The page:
In general, the core drilling operations may be categorized as up drilling or down drilling. The down drilling operation being a conventional drilling operation wherein the drilling is downward from horizontal and up drilling being an operation wherein drilling is upward from horizontal, such as drilling upward into the formations above a mine shaft. Core drilling operations are often conducted in formations that contain water or other fluids; therefore, the core drilling operations can be further characterized as wet or dry. It is desirable to be able to use a single wireline core barrel system for up and down drilling and in wet or dry holes. Such a system must be extremely versatile inorder to perform the required functions under such varying conditions. In down drilling in a dry hole the core barrel must be adaptable to being lowered into position by a wireline, be able to lock firmly in position for coring, have means to receive the core drilled, be able to unlock from the coring position and then be withdrawn up the tubular drill string. When down drilling in a wet hole, the core barrel must include means to form a fluid seal between the tubular drill string and the core barrel body thereby preventing fluid from bypassing the core barrel to allow the core barrel to be pumped into position. Once in position, the core barrel must positively lock in position and allow the fluid to bypass the core barrel duringdrilling. After the core is drilled, the core barrel must unlock and'be drawn to the surface without the necessity of withdrawing the entire stand of fluid above the core barrel from the. drill string. When drilling up, thewireline core barrel system must perform the functions required in down drilling in wet holes as well as preventing the liquid from being forced downward out of the drill string by gravity.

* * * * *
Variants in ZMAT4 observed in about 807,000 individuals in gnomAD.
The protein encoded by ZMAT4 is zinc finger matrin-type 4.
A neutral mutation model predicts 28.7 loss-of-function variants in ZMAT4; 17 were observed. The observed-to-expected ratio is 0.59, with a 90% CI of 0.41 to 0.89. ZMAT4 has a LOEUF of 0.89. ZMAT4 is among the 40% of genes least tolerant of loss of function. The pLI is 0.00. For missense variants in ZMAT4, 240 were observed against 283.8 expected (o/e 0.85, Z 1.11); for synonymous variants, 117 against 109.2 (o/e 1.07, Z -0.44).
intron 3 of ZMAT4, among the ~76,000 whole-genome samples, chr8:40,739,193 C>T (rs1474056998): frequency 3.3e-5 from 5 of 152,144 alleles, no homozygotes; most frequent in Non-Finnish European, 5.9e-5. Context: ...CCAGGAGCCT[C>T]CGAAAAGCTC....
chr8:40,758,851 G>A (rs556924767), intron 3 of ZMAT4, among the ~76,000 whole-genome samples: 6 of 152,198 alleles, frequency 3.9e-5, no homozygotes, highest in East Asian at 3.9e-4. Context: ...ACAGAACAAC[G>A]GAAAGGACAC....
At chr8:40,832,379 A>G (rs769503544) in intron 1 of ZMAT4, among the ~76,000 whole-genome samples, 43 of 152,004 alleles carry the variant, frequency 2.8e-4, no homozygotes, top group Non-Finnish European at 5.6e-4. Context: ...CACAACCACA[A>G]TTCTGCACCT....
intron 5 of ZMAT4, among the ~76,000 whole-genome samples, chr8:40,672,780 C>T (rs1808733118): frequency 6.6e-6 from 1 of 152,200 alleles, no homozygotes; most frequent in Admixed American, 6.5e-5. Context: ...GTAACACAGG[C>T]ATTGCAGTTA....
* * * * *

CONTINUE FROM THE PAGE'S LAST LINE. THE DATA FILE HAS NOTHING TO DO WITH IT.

Perhaps the single most important requirement of a wireline core barrel system is that it be dependable. The system should operate properly each and every time even though it is subjected to the harsh environmental conditions of the drilling operation. The system should produce a signal when the core barrel is properly latched in coring position to advise. the drilling operator that heshould begin the core drilling operation. Once the core container is filled, the core barrel should provide a signal to the operator indicating that thecore barrel should be retrieved. The core barrel should unlatch positively without requiring hammering and be easily withdrawn from the borehole.

DESCRIPTION OF THE PRIOR ART The prior art does not disclose a single wireline core barrel system that can be used for both up and down drilling and in wet and dry holes. The prior art wireline core barrel systems have included a large number of moving parts and have not achieved the desired degree of dependability. Although some prior art systems provide a signal indicating latching, the quality of the signal has not been completely dependable. The latch elements of the prior art systems have created difficulties by failing to positively latch in position and by failing to positively unlatch. These difficulties can result in core drilling when the core barrel is not latched in place and with the core barrel being stuck in the latched position thereby requiring removal of the entire drill string to obtain the core sample. The prior art wireline core barrel systems would land hard upon the landing shoulder producing a shock that is damaging to the landing-shoulder and the core barrel.